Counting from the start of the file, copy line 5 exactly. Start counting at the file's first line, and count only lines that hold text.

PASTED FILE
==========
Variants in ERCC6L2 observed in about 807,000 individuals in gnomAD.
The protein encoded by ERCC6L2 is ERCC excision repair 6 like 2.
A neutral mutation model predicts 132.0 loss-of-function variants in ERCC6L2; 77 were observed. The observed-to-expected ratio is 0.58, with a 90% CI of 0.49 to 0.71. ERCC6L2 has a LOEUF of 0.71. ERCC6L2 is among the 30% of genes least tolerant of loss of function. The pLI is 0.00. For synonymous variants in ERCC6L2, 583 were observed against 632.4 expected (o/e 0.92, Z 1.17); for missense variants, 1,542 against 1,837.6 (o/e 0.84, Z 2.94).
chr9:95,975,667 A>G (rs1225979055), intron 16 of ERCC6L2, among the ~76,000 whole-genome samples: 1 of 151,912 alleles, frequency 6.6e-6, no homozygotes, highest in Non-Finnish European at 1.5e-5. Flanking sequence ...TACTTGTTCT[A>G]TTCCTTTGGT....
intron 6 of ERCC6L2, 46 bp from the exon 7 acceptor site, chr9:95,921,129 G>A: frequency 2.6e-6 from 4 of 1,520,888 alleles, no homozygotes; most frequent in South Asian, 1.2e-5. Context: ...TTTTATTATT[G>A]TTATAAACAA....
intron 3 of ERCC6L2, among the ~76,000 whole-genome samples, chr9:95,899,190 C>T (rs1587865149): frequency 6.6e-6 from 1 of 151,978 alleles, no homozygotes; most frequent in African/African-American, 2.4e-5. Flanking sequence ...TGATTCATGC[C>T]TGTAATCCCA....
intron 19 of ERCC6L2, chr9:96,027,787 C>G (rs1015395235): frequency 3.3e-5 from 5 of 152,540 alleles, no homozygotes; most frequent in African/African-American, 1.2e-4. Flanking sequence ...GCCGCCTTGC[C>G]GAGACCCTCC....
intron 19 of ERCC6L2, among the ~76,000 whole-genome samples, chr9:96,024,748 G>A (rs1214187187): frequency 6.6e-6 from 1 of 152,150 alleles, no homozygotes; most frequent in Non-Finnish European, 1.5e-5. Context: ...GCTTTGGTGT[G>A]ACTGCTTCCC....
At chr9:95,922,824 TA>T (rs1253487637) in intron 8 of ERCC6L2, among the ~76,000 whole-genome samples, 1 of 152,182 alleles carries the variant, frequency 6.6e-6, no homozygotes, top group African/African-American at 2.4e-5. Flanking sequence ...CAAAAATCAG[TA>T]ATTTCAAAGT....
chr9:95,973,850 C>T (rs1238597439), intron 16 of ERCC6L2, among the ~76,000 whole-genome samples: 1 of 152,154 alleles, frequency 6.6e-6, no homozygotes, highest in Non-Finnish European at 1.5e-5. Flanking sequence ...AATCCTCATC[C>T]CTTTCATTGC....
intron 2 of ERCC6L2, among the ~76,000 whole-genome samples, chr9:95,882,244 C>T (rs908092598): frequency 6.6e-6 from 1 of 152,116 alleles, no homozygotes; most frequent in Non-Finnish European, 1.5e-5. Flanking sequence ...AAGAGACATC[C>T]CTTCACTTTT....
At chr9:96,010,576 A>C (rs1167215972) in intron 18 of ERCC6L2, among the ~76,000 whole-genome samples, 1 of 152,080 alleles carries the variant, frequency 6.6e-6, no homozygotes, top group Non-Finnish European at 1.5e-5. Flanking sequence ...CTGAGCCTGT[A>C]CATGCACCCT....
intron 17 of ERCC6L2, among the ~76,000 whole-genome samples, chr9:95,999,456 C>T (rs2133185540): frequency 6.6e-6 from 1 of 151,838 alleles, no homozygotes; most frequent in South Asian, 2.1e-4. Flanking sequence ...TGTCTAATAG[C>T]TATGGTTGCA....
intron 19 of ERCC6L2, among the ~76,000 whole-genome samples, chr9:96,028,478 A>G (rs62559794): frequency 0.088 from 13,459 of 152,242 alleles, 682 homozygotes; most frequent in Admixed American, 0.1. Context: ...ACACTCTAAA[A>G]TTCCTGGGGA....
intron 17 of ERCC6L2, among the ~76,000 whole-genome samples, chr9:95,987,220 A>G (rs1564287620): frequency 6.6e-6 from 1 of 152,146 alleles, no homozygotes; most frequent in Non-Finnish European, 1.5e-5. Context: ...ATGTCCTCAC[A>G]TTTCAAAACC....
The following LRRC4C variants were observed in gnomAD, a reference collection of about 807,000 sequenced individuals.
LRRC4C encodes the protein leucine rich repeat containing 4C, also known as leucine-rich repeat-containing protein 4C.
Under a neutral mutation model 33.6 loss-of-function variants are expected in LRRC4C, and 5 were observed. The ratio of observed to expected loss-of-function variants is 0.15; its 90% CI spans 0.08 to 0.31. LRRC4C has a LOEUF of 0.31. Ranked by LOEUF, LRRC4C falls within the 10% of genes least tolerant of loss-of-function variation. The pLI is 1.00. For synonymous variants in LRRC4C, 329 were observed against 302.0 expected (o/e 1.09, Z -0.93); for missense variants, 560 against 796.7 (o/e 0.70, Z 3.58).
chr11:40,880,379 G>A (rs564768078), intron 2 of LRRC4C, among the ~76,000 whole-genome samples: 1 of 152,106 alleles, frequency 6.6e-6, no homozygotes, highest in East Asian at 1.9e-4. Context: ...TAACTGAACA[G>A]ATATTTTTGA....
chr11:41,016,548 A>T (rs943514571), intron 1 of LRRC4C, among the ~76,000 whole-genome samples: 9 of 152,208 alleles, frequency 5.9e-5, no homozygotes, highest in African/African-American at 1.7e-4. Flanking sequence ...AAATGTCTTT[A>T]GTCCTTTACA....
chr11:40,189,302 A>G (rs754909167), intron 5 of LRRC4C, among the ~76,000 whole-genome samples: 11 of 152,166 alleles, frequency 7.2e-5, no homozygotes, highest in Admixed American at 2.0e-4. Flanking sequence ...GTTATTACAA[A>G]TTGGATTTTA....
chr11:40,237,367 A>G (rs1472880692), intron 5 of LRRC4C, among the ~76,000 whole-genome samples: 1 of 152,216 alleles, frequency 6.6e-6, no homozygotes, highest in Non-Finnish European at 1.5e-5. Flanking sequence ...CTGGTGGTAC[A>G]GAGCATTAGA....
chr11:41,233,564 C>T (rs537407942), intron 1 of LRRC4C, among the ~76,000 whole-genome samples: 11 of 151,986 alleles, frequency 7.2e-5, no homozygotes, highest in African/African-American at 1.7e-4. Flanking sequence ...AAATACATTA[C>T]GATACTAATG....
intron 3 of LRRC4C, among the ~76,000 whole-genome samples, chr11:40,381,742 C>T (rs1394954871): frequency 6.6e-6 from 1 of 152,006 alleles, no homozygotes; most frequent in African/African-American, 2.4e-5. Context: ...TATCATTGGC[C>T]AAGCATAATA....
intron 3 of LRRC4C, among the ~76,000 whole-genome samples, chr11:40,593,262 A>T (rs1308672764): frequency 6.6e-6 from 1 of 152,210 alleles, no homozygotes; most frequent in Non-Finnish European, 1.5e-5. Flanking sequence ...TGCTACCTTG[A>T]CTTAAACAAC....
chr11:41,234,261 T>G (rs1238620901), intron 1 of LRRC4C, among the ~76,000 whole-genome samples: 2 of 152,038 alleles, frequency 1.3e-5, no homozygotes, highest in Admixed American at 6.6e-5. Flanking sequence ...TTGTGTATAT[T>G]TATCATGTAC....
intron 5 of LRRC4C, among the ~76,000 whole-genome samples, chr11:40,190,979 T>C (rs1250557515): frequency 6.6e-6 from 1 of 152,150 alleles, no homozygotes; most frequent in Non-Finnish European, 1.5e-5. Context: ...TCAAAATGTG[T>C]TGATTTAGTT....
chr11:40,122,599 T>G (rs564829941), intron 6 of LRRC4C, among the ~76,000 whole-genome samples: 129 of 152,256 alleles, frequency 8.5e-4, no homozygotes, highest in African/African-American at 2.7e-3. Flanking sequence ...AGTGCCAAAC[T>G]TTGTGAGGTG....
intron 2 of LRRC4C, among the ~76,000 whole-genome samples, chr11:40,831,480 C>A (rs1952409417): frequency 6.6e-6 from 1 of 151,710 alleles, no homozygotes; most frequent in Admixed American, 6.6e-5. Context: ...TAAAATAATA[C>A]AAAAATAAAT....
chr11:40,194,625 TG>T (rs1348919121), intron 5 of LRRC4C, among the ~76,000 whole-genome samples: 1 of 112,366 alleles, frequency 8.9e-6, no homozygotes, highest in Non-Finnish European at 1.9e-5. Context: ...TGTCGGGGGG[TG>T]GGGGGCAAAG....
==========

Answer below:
intron 6 of ERCC6L2, 46 bp from the exon 7 acceptor site, chr9:95,921,129 G>A: frequency 2.6e-6 from 4 of 1,520,888 alleles, no homozygotes; most frequent in South Asian, 1.2e-5. Context: ...TTTTATTATT[G>A]TTATAAACAA....